“My Towie experience wasn’t pleasant,” says King, who went on to have an on-off friendship with Collins on the show. “There were times when I had to listen to spiteful or nasty things being said about me. For a while, I was always up against it with Gemma, but the viewers and producers liked it. It was a real-life soap opera.”

With social media on the rise, viewers would directly message the cast on Twitter and approach them in-person.

“You needed a thick skin, because people could be vile,” he says.

“Towie was a whirlwind position to be in; you go from being a regular person on the street, to having millions of people watching you on TV. The producers want you to be relatable, but there is nothing real about living in a goldfish bowl.

“We were regular people in a unique situation.

“We were so accessible; you would see us in a shopping centre or on the high-street.

“People would come up to us and tell us what they thought, and some were not the nicest.”
There was no support. “Nothing was managed by Towie, you were just left to get on with it. It brings you into a machine, spins you around, chews you up and spits you out. Afterwards, you are left thinking: ‘Now what?’

“There were a lot of perks from being on Towie, and I am thankful, but if you take rejection badly you might end up very disappointed or go down a different path.”

In 2015 he left the programme for good and has since lost touch with other cast members. Over the pandemic, he “needed to step away. I needed space to sort myself out.”

Using more social media over the period, he found that he was bombarded with “perfect” images. With more than 90,000 followers on Instagram, he was also approached by cosmetic companies offering him “Botox, fillers, even a hair transplant” in exchange for promotion to his followers.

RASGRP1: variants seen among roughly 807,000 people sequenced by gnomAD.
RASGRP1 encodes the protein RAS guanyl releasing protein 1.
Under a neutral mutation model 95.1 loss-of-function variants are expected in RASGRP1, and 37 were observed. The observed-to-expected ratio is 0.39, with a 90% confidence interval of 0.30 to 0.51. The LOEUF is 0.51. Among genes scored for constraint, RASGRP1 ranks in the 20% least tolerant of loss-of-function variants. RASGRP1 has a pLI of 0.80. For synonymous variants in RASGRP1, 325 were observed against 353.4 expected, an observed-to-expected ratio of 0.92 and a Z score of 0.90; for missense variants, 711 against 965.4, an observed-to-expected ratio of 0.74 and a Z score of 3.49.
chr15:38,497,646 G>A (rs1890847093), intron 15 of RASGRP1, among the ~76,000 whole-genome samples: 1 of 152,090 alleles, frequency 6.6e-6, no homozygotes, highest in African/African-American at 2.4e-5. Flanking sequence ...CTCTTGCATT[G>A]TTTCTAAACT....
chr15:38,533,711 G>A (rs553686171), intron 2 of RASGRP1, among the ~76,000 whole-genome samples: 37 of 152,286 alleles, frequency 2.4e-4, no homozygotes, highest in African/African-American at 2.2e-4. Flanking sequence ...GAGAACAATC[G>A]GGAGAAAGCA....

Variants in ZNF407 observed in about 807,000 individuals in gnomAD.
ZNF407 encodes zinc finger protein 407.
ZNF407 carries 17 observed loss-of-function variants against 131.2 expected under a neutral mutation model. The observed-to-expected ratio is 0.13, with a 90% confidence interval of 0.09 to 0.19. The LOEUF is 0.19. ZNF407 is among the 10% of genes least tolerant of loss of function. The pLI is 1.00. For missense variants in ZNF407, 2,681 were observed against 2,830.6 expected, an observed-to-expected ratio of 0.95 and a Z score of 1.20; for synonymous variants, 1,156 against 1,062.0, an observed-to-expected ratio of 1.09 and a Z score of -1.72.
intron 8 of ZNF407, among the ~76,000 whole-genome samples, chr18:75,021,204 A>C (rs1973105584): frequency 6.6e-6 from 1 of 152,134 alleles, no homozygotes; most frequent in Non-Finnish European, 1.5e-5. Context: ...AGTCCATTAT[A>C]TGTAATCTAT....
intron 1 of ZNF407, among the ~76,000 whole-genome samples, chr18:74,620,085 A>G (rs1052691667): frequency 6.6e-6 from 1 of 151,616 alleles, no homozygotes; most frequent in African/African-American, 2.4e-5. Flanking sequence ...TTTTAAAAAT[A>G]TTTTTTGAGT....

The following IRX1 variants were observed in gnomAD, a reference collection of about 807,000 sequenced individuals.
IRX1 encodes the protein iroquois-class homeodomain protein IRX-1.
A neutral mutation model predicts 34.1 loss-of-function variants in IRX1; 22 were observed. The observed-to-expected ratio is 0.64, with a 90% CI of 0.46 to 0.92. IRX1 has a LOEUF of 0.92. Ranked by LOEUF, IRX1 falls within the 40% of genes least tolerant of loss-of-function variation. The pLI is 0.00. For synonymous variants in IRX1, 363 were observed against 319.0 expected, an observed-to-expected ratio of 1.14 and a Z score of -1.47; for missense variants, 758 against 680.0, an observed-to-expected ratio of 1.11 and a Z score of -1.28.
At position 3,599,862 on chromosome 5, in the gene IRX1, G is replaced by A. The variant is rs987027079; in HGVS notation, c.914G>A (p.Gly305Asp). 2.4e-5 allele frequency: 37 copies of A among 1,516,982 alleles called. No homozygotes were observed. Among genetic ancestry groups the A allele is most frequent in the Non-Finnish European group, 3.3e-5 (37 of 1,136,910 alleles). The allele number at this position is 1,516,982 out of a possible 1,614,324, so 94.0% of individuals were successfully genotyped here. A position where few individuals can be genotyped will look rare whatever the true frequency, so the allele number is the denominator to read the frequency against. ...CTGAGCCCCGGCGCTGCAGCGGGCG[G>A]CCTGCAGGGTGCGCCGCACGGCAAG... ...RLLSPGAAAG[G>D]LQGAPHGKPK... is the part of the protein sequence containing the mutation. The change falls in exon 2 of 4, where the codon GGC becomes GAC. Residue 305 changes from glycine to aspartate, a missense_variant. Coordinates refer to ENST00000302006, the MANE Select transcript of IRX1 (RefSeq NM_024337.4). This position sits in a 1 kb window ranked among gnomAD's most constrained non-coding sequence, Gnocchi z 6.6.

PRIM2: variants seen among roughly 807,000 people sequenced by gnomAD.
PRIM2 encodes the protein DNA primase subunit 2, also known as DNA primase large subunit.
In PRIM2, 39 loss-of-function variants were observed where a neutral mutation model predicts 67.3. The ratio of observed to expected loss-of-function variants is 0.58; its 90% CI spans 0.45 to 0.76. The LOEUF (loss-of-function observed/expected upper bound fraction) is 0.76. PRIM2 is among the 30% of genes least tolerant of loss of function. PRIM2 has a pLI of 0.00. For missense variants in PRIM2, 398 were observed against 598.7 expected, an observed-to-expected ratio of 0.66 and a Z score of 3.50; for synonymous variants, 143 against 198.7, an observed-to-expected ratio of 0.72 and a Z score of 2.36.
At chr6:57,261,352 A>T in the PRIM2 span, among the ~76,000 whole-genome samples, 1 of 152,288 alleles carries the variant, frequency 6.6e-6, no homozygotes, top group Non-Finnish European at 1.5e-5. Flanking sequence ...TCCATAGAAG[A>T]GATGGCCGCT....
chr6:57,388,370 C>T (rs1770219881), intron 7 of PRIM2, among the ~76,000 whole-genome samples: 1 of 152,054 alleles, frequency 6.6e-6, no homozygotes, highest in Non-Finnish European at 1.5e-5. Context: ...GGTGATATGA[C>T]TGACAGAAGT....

But over the first lockdown King developed a fixation with his nose –—which he had previously broken
“We came to that standstill and our window to the world was through our phones; so the comparison angle came in. I thought I needed to fix my nose, that it was letting me down.”
King — who blames his BDD for his anxiety about his nose — paid for plastic surgery, after an appointment with a surgeon “validated that thought — they sell you the dream”. But he was disappointed with the result.

“I looked at coming out of Covid, as a ‘re-birth’. I didn’t need anything done but I was just in a low place. There needs to be an overhaul and proper checks. Since I’ve spoken out, I have had so many people saying their surgery had not gone to plan. It affects you psychologically.”

“It has been a real challenge, adds King, who addressed MPs on the Health and Social Care Committee in Parliament this year, saying he may not have had the surgery if there was better mental health support for people having cosmetic procedures.

He explains now: “Plastic surgery has been a very damaging journey for me, making me feel a sense of shame and embarrassment that I changed something that didn’t need it; or that I didn’t get a satisfactory result and it’s on my face.”

After the procedure, King locked himself in his London flat, refusing to see people.
His mum took him back to their Essex home, and helped him slowly rebuild his confidence.
Whilst juggling his work in social media, personal training and his ByCharlesKing clothing business, King now he hopes he can one day start his own family.

As a single gay man, he is working with the IAC: The Centre for Adoption organisation, looking at his options.

While he has not made any decisions, King says: “After my sister had children and I got into my thirties, I have felt that my life needs a stronger purpose. For me, there is nothing like the love of children, and being around to teach and educate them.”

He adds: “So many children do need loving homes and despite the ups and downs, I have that.”